Beyond Significance Testing: Reforming Data Analysis Methods in Behavioral Research

Article excerpt

REX B. KLINE Beyond Significance Testing: Reforming Data Analysis Methods in Behavioral Research Washington, DC: American Psychological Association, 2004, 336 pages (ISBN 1-59147-118-4, US$49.95 Hardcover)

In 1999, a blue-ribbon task force assembled by the American Psychological Association published their findings with regards to the long-standing controversy pertaining to null hypothesis significance testing (NHST). The task force dictated effect sizes and confidence intervals be reported, and p values and dichotomous accept-reject decisions be given less weight. Editorial policies in a number of journals came to reflect the views of the task force as did a subsequent revision to the American Psychological Association Publication Manual.

Rex B. Kline wrote Beyond Significance Testing. Reforming Data Analysis Methods in Behavioral Research as a follow-up to both the task force recommendations and the revision to the publication manual. Kline's 1998 book Principles and Practice of Structural Equation Modeling (Guilford Press) was well received and a second edition is being published this fall. In Beyond Significance Testing, Kline reviews the controversy regarding significance testing, offers methods for effect size and confidence interval estimation, and suggests some alternative methodologies. There is an accompanying website that includes resources for instructors and students. Part I of the book is a review of fundamental concepts and the debate regarding significance testing. Part II provides statistics for effect size and confidence interval estimation for parametric and nonparametric two-group, oneway, and factorial designs. Part III examines metaanalysis, resampling, and Bayesian estimation procedures.

In the first chapter, Kline provides a scholarly summary of the null hypothesis testing debate concluding with the APA task force findings and what Kline regards as ambiguous recommendations in the publication manual. Kline predicts the future will see a smaller role for traditional statistical testing (p values) in psychology. This change will take time and may not occur until the next generation of researchers are trained, but Kline anticipates the social sciences will then become more like the natural sciences in that "we will report the directions and magnitudes of our effects, determine whether they replicate, and evaluate them for their theoretical, clinical, or practical significance" (p. 15).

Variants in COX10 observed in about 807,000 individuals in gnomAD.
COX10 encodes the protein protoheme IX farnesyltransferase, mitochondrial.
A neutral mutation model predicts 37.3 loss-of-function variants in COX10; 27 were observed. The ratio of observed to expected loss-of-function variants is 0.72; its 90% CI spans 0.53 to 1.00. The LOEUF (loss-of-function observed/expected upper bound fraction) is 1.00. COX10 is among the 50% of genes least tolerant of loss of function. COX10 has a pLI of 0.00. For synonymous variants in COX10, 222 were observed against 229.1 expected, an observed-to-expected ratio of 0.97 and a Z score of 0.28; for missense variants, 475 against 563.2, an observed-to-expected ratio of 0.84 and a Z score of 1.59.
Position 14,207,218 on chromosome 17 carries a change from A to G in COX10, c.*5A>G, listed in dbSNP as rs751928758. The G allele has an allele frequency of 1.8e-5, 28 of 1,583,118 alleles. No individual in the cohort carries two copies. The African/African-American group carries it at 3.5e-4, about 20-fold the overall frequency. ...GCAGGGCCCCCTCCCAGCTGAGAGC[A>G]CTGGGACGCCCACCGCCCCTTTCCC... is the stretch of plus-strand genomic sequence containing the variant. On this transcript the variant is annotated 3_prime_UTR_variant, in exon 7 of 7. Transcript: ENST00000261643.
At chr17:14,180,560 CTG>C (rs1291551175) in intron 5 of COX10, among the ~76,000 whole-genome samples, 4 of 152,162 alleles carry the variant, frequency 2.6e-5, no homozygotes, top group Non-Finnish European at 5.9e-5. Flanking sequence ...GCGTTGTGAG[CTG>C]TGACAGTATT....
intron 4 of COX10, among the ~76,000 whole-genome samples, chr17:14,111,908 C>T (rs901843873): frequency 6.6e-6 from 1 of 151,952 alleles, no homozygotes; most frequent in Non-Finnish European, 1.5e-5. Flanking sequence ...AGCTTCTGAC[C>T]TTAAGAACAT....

Chapter 2 is a review of fundamental concepts of research design, including sampling and estimation, the logic of statistical significance testing, and t, F, and chi-square tests. The problems with statistical tests are revisited in Chapter 3. What follows is a long list of errors in interpretation of p values and conclusions made after null hypothesis testing. The emphasis on null hypothesis significance testing in psychology is also argued to inhibit advancement of the discipline. To be fair, Kline recognizes there is yet no "magical alternative" to statistical tests and that such tests are appropriate in some circumstances when applied correctly. Nonetheless, Kline envisions a future where effect sizes and confidence intervals are reported, substantive rather than statistical significance predominates, and "NHST-Centric" thinking has diminished.

Part II covers effect size and confidence interval calculations. Chapter 4 is a presentation of parametric effect size indexes. Independent and dependent sample statistics are covered separately. The textbook's website has a supplementary chapter on twogroup multivariate designs. Group difference indexes such as d are distinguished from measures of association such as r. Case level analyses of group differences are also reviewed. Sections not relevant to a reader's needs can be skipped without loss of continuity. Interpretive guidelines for effect size magnitude and how one might be fooled by effect size estimation are sections that should not be passed over. …